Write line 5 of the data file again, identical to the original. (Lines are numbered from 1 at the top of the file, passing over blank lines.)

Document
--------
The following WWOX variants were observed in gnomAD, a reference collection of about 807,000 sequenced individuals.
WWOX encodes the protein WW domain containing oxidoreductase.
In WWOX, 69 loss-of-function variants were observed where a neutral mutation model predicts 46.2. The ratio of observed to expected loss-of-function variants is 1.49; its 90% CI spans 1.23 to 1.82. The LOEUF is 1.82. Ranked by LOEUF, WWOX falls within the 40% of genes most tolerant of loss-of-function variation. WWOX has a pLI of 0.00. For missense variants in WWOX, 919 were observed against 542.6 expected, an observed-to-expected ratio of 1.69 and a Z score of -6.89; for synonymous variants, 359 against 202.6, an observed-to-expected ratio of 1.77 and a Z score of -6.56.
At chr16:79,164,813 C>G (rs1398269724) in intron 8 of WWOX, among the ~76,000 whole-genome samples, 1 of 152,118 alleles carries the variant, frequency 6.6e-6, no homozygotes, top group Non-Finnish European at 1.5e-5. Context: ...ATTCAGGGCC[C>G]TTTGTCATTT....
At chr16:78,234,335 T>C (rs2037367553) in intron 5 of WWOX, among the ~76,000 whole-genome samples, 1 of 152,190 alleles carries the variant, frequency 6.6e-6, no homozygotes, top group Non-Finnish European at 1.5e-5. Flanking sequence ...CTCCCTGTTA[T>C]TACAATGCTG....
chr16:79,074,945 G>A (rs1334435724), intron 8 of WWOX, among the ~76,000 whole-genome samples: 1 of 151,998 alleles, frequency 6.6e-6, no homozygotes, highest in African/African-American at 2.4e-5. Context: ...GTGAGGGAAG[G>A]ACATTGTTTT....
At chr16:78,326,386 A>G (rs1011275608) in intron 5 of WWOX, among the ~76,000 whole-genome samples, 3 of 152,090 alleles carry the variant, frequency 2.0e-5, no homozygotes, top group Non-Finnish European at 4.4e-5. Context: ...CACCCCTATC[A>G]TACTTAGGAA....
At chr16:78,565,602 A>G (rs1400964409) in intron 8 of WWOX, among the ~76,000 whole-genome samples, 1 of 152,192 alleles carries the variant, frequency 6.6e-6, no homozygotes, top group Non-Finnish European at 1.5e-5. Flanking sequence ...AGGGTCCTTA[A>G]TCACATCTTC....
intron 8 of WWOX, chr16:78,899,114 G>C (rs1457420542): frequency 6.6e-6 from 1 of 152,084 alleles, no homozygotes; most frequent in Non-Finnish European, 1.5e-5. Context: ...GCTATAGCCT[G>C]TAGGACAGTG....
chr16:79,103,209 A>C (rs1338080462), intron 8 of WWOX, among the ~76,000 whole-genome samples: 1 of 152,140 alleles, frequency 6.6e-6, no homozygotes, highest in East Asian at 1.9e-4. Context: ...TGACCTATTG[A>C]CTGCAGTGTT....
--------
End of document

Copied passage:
At chr16:78,234,335 T>C (rs2037367553) in intron 5 of WWOX, among the ~76,000 whole-genome samples, 1 of 152,190 alleles carries the variant, frequency 6.6e-6, no homozygotes, top group Non-Finnish European at 1.5e-5. Flanking sequence ...CTCCCTGTTA[T>C]TACAATGCTG....